The PowerShot A2100 IS also comes with Face Detection technology. With the click of a button this can be turned on or off, ideal for focusing and exposing the faces of those in frame. On occasion this feature did go a little haywire – as many Face Detection technologies do – by locating faces in their absence, or failing to successfully track them through the frame (which should happen). For point-and-shoot portraits however, the A2100 IS has the technology for the job and delivers the results.
Lastly colour balance can be an issue, with the auto white balance rendering many images a little magenta and, furthermore, often underexposing. Consistency from shot to shot can drift from a warm magenta to a cooler green – even when shooting the same scene under consistent light. It can also be quite tricky to assess shots on screen, either in bright light or from less than acute angles. Unless viewing the A2100 IS screen straight-on images will lose brightness and gamma to such an excess that images will not appear correctly to the eye; unlike many LCD screens where there is much greater give in the viewing angle.
Canon PowerShot A2100 IS – Image Quality
The A2100 IS, sadly, doesn’t have a lens particularly worth shouting about;couple this with the sensor that’s packed with perhaps more megapixels than necessary and the quality lacks. Not that its bad by any means and, in fact, many wont require images as large as 12.1MP provides – so the loss of quality through overpacking the sensor may not show in small prints or image uploads. However, concerning larger images, it is likely that the unsharp and ‘smear
ed’ look and lack of image detail – even under good light – will be a hindrance.
Canon is well known for low-noise, high image quality. The PowerShot A2100 IS is consistent in keeping with this reputation at the lower ISO ratings, though noise is abundant at the higher sensitivities, notable from as low as ISO 400.
Exposures tend to lean on the underexposed side, though the dynamic range between dark shadows and bright highlights is well managed in-camera.
Canon PowerShot A2100 IS – Value For Money
For the money, the Canon PowerShot A2100 IS sounds like less of an entry level compact than it actually should. For the £259 (SRP) asking price it’s undeniable that you should expect a lot for your money. The A2100 IS falls just a bit short for such a wallet-busting ask, especially considering the quality of compacts out there. However, and here’s the big but, shop around and it’s available for a much happier asking price of £190-200 which, considering its stabilisation and broad 6x zoom range may bring it into the picture for worthy consideration.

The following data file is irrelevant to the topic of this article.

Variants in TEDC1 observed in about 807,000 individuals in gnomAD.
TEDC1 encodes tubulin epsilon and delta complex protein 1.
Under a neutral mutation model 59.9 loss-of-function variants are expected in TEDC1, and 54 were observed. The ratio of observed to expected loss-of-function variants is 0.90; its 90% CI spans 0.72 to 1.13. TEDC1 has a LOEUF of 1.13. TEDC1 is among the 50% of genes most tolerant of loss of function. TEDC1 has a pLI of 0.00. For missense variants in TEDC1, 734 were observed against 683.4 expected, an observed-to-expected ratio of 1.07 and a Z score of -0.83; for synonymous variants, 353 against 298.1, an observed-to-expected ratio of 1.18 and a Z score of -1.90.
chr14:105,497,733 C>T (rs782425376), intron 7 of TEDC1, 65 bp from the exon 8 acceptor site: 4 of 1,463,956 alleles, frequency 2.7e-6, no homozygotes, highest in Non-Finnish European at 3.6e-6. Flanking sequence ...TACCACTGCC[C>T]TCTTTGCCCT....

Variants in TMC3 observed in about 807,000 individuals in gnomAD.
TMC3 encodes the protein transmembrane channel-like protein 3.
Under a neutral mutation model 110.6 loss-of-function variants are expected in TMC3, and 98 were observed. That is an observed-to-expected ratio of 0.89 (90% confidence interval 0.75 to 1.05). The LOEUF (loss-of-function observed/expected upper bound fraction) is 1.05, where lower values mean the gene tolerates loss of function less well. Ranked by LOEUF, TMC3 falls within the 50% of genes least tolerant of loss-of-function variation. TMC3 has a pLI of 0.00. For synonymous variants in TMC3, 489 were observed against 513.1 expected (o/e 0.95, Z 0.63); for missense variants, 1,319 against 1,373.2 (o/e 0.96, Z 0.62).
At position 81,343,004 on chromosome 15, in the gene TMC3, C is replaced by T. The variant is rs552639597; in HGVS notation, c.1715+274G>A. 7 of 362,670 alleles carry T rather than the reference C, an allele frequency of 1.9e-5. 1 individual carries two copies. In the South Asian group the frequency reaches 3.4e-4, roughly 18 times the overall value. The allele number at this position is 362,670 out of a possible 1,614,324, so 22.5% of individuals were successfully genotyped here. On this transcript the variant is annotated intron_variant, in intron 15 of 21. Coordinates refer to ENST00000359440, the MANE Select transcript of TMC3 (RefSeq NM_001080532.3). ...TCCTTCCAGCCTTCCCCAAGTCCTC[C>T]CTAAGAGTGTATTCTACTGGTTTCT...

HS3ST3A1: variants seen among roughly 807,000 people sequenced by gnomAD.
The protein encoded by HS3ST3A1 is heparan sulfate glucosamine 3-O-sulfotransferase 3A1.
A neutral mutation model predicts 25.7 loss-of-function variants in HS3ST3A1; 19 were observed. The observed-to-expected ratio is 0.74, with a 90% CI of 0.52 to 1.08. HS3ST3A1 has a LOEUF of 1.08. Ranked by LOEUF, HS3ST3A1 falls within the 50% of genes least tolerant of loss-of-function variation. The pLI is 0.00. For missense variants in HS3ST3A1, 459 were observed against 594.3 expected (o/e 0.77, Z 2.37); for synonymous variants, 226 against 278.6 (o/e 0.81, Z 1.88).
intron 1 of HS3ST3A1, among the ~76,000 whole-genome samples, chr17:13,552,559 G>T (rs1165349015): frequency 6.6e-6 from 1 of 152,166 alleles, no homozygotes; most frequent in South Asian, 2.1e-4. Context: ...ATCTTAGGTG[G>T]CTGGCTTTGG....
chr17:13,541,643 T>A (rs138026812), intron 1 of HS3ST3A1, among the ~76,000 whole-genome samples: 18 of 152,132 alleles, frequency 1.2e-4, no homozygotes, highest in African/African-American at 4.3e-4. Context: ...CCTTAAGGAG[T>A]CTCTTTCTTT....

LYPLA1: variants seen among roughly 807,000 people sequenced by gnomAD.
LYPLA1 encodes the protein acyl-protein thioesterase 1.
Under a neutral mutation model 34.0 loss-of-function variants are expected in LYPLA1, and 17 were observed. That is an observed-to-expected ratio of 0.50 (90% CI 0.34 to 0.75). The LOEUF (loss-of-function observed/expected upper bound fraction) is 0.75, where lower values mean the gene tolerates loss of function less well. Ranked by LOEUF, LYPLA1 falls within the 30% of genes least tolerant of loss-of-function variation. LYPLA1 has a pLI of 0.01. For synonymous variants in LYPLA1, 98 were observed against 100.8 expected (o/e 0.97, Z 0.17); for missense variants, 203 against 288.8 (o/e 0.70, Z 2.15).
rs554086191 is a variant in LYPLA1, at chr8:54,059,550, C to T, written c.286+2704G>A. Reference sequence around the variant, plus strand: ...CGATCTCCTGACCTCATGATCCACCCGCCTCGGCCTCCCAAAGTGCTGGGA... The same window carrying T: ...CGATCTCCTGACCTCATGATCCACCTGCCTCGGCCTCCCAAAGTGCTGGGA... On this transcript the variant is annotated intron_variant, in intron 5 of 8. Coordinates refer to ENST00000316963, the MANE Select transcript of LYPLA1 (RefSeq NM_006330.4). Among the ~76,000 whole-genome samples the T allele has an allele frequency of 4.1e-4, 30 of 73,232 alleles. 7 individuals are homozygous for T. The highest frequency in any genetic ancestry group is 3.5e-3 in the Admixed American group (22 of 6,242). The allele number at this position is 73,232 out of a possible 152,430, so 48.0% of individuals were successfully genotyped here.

Given Canon’s IXUS range of cameras now run into the £300+ price range, pound for pound the PowerShot A2100 IS holds its own for the entry level AA-battery powered compact end. It even comes boxed with (an admittedly small) 128MB memory card and batteries to get you going.
The Canon PowerShot A2100 IS is a good all-rounder. With a broad zoom range, Image Stabilisation and basic feature set, it’s an ideal contender for the point and shoot entry level market. Though it does come at a little bit of a raised asking price and ? as much as this is consistent with Canon’s recession-based price hikes ? it’s worth shopping around for a better price. The A2100’s macro mode is the shiniest gem of them all meaning that, realistically, you’ll be able to shoot all manner of photos quite happily. Be that quirky close-ups, posed portraits or zoomed-in 200mm shots to pick out your subject. Perhaps the image quality drags its heels a little, but for everyday use the PowerShot A2100 IS, in general, ticks the boxes.
The Canon PowerShot A2100 IS is a good all-rounder. With a broad zoom range, Image Stabilisation and basic feature set, it's an ideal contender for the point and shoot entry level market. Though it does come at a little bit of a raised asking price and ? as much as this is consistent with Canon's recession-based price hikes ? it's worth shopping around for a better price. The A2100's macro mode is the shiniest gem of them all meaning that, realistically, you'll be able to shoot all manner of photos quite happily. Be that quirky close-ups, posed portraits or zoomed-in 200mm shots to pick out your subject. Perhaps the image quality drags its heels a little, but for everyday use the PowerShot A2100 IS, in general, ticks the boxes.